a1 University of Cambridge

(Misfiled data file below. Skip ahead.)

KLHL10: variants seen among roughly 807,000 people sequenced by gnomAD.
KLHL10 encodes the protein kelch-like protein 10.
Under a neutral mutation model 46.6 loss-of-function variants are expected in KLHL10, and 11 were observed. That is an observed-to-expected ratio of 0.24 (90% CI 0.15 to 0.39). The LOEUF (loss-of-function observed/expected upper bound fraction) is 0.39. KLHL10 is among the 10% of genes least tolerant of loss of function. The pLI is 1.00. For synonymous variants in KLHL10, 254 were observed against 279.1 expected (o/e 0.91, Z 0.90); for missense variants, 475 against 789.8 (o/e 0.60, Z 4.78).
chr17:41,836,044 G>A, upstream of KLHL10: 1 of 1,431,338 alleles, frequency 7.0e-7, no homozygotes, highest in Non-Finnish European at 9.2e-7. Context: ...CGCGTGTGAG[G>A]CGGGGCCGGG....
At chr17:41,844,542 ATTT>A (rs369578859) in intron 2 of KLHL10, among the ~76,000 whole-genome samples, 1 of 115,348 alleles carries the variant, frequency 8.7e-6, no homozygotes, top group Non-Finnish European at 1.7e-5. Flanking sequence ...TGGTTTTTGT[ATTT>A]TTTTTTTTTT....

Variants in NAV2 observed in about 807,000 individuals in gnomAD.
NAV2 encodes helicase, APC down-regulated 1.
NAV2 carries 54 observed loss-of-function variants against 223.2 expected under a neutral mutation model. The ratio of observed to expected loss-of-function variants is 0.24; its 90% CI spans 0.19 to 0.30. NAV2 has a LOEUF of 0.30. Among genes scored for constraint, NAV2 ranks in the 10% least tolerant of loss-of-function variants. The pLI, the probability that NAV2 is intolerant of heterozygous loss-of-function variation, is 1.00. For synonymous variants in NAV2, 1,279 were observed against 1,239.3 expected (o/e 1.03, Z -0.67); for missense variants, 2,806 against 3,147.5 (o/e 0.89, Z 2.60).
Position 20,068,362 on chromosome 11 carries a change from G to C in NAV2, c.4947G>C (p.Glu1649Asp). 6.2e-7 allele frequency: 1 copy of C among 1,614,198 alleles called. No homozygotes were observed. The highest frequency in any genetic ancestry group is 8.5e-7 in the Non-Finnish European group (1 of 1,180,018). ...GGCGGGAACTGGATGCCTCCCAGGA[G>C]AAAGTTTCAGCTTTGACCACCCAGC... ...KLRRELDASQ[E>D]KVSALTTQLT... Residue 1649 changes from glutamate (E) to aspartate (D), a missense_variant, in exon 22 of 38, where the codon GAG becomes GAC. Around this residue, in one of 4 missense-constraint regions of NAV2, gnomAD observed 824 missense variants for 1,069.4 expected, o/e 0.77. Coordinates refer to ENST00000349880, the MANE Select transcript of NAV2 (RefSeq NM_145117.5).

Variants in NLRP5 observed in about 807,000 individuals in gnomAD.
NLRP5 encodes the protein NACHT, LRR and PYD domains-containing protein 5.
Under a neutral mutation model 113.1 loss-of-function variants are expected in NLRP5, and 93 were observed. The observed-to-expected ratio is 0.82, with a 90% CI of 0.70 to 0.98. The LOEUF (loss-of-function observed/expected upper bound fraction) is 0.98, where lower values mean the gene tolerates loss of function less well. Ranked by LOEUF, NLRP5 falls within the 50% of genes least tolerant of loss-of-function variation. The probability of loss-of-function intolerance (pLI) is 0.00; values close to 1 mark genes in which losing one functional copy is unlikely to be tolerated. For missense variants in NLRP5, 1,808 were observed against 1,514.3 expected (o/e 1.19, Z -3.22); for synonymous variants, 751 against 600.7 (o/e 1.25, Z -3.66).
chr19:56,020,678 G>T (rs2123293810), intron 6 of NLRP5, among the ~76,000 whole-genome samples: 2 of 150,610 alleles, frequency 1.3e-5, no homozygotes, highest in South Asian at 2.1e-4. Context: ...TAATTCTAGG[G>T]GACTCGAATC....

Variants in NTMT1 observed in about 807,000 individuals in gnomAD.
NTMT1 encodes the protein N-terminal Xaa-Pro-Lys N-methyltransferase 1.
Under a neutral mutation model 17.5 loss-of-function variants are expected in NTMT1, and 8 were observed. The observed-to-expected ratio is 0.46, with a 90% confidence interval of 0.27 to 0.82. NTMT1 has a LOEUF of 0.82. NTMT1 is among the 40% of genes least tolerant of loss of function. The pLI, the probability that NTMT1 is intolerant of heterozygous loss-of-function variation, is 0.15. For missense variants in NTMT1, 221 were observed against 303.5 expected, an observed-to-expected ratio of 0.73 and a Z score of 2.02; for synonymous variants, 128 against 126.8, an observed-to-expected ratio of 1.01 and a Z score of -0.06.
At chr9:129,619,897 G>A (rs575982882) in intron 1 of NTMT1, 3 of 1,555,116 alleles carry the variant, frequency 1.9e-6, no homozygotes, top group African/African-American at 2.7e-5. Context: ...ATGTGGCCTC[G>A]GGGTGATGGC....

In 1947 the fabric of Bengali rural society woven together by a common language and a syncretist popular culture was torn asunder on lines of religion. During the final two decades of colonial rule in India the Ganga-Brahmaputra-Jamuna deltaic tracts of east Bengal increasingly became the scene of tension and violent conflict between a Muslim peasantry and a predominantly Hindu landed gentry. The conflict between rival élites in a plural society over government jobs and positions of vantage in the legislative arena has been a subject of scholarly studies in twentieth-century Bengal. Successive ‘legislative attacks’ of one status and interest group upon another have been carefully identified and documented, and their significance assessed. The inner dynamics of the struggle in the countryside and the periodic outbursts of ‘communal’ fury that rent rural Bengal during this period have not come under the same systematic investigation. Yet, without the agrarian dimension to the Hindu–Muslim problem in Bengal, the politics of separatism would in all likelihood have proved ineffectual and been washed away by the strong tide of a composite nationalism.